In a recent feature for the Skinny, Róisín O’Brien asks, why is circus so popular? Speaking to two circus performers – Bram Dobbelaere from Belgian company Cie Ea Eo, and independent artist Ellie Dubois – she parses the gap between old and ‘new’ circus (which has been hanging around since the 1970s), and the seemingly untarnished thrill of modern circus. Two notable observations come out of the piece: firstly, it is more usual to respond with vague awe than informed interest about circus itself, still the domain of stunts and shock as it is; secondly, seemingly working against this bland awe, circus has moved from travelling tents to the theatre, and has begun to employ many of the techniques – emotional, structural – of theatre in its presentation.
This internal contradiction of reception and presentation lies at the heart of Swedish company Cirkus Cirkör’s morally engaged, well-meaning but somewhat straining Limits. Its performers have clearly asked themselves, what is circus for? If it is so popular, how can its popular platform be used for something other than pure entertainment? Their answer is to create a loosely narrative work inspired by the migrant crisis, laden with some shocking statistics about the numbers of people forced to leave their homes every hour, and drawing on the stories of two immigrants to Sweden, Qutaiba Aldahwa and Javid Heidari, who have fled Iraq and Afghanistan.
So far, so worthy of the attention of the complacent European middle class. The probem is: the audience are here to see some backflips. They’re here to see Sarah Lett spinning like a dervish bacchante on a lyra. They’re here to watch flying acrobat Saara Ahola balance in a handstand on Peter Åberg’s uplifted arms, her legs in box splits, even as she warmly draws comparisons between the act of balancing and the metaphorical necessity of global movement to keep the earth in balance. They’re especially here for Åberg’s stage-filling charisma and his musical juggling, though doubtless they appreciate his naturalness with delivering awkwardly devised monologues about the wretched state of Europe’s immigration laws and hostility to immigrants.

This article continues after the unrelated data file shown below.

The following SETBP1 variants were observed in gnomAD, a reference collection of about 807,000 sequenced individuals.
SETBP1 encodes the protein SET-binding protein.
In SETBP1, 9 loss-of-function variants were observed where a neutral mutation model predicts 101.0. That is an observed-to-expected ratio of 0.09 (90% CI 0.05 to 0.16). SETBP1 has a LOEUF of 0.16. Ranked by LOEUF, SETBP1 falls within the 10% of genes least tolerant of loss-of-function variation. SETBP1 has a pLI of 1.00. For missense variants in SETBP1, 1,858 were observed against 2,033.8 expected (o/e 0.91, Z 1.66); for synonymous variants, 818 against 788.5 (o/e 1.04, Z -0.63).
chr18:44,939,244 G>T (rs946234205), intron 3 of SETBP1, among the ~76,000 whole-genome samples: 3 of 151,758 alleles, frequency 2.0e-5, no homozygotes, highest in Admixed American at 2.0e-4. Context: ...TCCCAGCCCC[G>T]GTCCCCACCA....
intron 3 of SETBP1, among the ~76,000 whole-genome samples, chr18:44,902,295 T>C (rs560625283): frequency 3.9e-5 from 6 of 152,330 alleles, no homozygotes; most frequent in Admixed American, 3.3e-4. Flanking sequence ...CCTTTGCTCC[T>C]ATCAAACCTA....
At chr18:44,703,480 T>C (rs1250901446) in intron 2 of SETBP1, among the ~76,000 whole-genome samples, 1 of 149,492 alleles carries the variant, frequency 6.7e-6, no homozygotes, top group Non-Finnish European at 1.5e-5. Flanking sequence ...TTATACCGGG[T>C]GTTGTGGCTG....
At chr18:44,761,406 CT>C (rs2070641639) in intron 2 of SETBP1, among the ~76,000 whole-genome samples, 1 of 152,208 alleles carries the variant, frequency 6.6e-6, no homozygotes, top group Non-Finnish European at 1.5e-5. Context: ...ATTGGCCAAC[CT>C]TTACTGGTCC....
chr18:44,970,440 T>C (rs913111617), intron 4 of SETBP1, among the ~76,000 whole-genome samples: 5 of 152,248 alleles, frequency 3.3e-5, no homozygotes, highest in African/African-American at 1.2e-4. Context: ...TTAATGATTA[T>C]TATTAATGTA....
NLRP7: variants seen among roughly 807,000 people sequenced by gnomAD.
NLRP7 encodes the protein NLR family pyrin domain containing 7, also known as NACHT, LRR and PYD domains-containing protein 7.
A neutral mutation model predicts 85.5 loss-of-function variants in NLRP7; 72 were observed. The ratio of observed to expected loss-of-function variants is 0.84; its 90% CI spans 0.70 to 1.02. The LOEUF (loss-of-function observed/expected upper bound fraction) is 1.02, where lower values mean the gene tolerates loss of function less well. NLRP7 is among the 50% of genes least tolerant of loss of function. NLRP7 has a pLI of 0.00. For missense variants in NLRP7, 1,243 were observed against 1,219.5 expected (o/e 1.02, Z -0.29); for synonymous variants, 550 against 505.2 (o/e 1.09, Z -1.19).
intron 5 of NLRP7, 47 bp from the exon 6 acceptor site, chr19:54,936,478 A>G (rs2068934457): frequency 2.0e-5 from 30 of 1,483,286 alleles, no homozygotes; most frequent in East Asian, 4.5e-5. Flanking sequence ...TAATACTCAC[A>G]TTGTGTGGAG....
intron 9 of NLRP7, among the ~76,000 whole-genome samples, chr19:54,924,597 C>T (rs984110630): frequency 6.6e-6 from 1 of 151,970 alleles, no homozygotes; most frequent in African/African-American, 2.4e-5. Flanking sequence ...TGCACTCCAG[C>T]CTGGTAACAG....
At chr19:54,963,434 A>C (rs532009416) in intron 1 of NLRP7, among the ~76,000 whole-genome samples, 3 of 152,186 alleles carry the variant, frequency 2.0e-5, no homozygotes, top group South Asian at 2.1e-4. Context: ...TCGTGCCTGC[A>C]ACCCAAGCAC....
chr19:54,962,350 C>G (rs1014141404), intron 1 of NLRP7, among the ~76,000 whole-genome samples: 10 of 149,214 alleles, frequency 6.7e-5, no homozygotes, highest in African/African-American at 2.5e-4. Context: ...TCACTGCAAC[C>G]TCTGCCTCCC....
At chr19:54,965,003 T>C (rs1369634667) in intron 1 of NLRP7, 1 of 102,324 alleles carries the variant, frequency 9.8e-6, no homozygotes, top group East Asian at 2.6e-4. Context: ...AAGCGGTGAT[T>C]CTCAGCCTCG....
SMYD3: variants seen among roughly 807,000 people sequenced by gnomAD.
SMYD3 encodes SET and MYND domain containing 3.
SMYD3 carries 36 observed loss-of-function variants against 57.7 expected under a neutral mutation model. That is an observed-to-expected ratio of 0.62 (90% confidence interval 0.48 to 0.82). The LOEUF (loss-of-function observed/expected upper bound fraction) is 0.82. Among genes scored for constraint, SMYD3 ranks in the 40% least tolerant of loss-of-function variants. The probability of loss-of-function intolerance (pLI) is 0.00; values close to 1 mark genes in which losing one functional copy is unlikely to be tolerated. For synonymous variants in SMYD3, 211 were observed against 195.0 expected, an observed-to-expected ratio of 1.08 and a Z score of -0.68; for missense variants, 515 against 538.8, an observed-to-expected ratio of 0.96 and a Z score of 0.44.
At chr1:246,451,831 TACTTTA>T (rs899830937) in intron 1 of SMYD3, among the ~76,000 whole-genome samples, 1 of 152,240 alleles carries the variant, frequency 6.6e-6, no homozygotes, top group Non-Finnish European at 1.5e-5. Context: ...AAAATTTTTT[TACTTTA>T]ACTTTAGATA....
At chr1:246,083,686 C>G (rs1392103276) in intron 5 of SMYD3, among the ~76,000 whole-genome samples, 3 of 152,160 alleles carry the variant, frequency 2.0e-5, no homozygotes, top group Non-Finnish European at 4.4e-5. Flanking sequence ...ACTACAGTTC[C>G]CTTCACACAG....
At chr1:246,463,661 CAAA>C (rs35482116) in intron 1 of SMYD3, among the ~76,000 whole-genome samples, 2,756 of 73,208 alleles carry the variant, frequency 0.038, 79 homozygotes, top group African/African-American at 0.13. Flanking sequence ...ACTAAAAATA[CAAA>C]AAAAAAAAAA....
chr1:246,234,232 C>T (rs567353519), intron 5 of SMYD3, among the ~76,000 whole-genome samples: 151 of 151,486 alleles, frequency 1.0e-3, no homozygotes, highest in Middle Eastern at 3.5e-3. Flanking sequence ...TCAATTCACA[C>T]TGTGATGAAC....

The show is so scattered with morality lessons that there is a worry they will become like ball bearings under the feet of the performers, eventually tripping them up when they’re trying to do a trick. Cirkus Cirkör make clumsy comparisons between training for circus and opening our borders to terrified, desperate human beings in need of help, using analogies that range from a little daft to patently absurd. Particularly unforgettable is Ahola’s observation that, as she and Lett cats-cradle themselves through aerial silks, limits can be good for the body in training, but it’s important to work towards strength and suppleness, to prepare for the work of a circus performer; in the same way, we should prepare our European bodies, our countries, for the arrival of migrants. I mean, it’s true, I suppose? For the given value of true? I guess? But also? This could be so much more clearly expressed – perhaps without the aerial silks? Just a thought?
The second half, admittedly, fares better than the first. Seemingly implausible metaphors from the first half make a little more sense as they are developed in the second. There is an anecdote, told in the voice of either Aldahwa or Heidari, describing a man phoning his younger brother back home and realising how much he misses him. This is followed by some teeterboard acrobatics from Einar Kling-Odencrants and Anton Graaf, which play on a fraternal dynamic. Here is the successful marriage of theatrical and circus techniques which O’Brien uncovers in her feature, a success that is unfortunately too rare in Limits.
There is some hope that the piece, delivered in brightly coloured, neo-clownish, ‘hippie casual’ costumes as it is, will at least appeal to and provoke questions from the children in the audience. Limits does sit a little unsurely in that regard: the aesthetic feels sweet and CBeebies, but Åberg definitely swears (“pissing on a chicken”) and some of the metaphors are really quite complex. No one embodies this confusion as clearly as the one-man band providing soundtrack, Samuel Andersson, who is by turns jovial and bouncy, and pure Nordic rock. (“I love the band,” my companion says happily. “He’s what would happen if System of a Down all became one person and then ran away to the circus.”)
Is Limits a good piece of circus? It is certainly very entertaining, charming, and as filled with gasp-inducing stunts as the next piece of circus. Is Limits a good piece of theatre? Unfortunately, no it is not, despite the truisms so stumblingly delivered. It is a credit to Cirkus Cirkör that they have attempted to take on such a serious and urgent subject matter; it is a shame they don’t quite pull it off.
Cirkus Cirkör were performing at the Royal Festival Hall. Click here for more details.